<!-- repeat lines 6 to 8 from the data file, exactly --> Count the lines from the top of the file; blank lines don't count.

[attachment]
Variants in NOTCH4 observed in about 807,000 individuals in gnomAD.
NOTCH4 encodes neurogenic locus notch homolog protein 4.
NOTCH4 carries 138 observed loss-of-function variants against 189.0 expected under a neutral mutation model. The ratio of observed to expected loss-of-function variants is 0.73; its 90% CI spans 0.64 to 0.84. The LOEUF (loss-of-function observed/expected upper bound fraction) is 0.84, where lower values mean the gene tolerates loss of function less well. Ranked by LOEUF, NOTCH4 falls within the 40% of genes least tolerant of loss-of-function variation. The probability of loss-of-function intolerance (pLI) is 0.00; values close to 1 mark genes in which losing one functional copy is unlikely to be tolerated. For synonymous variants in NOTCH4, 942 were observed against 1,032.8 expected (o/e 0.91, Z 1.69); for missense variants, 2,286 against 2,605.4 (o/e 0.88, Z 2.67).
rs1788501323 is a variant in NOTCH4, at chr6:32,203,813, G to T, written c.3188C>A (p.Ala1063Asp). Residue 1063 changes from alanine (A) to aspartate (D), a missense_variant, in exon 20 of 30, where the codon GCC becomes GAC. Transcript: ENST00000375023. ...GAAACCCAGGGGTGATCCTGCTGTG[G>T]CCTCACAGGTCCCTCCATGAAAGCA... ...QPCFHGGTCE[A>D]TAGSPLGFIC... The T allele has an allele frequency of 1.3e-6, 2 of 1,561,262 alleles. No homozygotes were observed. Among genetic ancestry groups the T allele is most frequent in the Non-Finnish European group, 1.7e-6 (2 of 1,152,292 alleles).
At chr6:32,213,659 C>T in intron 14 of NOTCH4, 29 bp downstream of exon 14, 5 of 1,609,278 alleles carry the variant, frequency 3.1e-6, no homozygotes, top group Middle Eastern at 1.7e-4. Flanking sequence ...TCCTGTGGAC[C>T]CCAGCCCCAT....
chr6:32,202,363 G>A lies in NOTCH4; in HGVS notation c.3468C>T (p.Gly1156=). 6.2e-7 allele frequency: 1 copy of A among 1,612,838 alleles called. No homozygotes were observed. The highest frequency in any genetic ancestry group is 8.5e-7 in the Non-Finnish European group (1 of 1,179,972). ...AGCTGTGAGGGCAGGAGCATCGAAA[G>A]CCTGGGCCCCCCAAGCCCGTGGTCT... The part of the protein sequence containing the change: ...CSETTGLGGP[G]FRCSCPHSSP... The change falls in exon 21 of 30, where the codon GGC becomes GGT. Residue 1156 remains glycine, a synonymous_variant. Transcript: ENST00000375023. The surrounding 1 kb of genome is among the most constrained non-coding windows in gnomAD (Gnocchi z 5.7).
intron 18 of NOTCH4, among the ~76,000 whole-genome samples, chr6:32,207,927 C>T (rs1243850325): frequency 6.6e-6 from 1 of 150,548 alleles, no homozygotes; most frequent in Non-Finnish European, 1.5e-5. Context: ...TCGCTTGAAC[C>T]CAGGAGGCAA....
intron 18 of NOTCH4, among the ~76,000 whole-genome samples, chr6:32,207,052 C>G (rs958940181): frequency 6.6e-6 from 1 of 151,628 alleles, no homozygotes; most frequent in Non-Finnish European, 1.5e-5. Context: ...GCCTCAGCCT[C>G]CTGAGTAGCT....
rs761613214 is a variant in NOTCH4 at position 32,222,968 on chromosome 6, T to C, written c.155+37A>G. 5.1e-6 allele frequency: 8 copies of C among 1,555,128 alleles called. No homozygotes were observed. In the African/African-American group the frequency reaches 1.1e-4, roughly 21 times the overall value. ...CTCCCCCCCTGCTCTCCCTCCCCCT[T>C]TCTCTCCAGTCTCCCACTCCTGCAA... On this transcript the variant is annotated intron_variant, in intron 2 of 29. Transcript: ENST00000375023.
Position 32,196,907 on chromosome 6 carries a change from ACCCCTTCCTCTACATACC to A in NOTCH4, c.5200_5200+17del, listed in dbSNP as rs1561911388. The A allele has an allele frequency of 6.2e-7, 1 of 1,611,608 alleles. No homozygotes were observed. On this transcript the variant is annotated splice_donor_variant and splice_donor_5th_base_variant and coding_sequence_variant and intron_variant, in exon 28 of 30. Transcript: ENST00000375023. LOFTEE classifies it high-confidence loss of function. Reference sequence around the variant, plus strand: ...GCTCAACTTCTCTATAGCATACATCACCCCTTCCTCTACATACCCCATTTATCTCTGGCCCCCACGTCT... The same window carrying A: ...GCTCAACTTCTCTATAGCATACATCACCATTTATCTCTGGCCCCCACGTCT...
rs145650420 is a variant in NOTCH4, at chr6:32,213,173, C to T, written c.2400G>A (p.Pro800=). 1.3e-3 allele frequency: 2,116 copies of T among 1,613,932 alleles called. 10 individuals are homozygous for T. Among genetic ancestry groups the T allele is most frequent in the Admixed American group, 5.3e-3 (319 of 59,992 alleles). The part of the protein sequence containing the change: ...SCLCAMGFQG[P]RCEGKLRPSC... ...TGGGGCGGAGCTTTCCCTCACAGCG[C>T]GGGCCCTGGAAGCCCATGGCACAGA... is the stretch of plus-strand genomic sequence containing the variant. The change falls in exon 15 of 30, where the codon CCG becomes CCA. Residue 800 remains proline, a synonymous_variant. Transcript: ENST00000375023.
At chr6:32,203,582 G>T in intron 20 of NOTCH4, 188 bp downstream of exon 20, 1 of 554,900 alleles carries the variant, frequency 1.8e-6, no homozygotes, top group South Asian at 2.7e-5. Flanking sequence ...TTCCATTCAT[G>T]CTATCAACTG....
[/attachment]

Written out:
chr6:32,202,363 G>A lies in NOTCH4; in HGVS notation c.3468C>T (p.Gly1156=). 6.2e-7 allele frequency: 1 copy of A among 1,612,838 alleles called. No homozygotes were observed. The highest frequency in any genetic ancestry group is 8.5e-7 in the Non-Finnish European group (1 of 1,179,972). ...AGCTGTGAGGGCAGGAGCATCGAAA[G>A]CCTGGGCCCCCCAAGCCCGTGGTCT... The part of the protein sequence containing the change: ...CSETTGLGGP[G]FRCSCPHSSP... The change falls in exon 21 of 30, where the codon GGC becomes GGT. Residue 1156 remains glycine, a synonymous_variant. Transcript: ENST00000375023. The surrounding 1 kb of genome is among the most constrained non-coding windows in gnomAD (Gnocchi z 5.7).
intron 18 of NOTCH4, among the ~76,000 whole-genome samples, chr6:32,207,927 C>T (rs1243850325): frequency 6.6e-6 from 1 of 150,548 alleles, no homozygotes; most frequent in Non-Finnish European, 1.5e-5. Context: ...TCGCTTGAAC[C>T]CAGGAGGCAA....
intron 18 of NOTCH4, among the ~76,000 whole-genome samples, chr6:32,207,052 C>G (rs958940181): frequency 6.6e-6 from 1 of 151,628 alleles, no homozygotes; most frequent in Non-Finnish European, 1.5e-5. Context: ...GCCTCAGCCT[C>G]CTGAGTAGCT....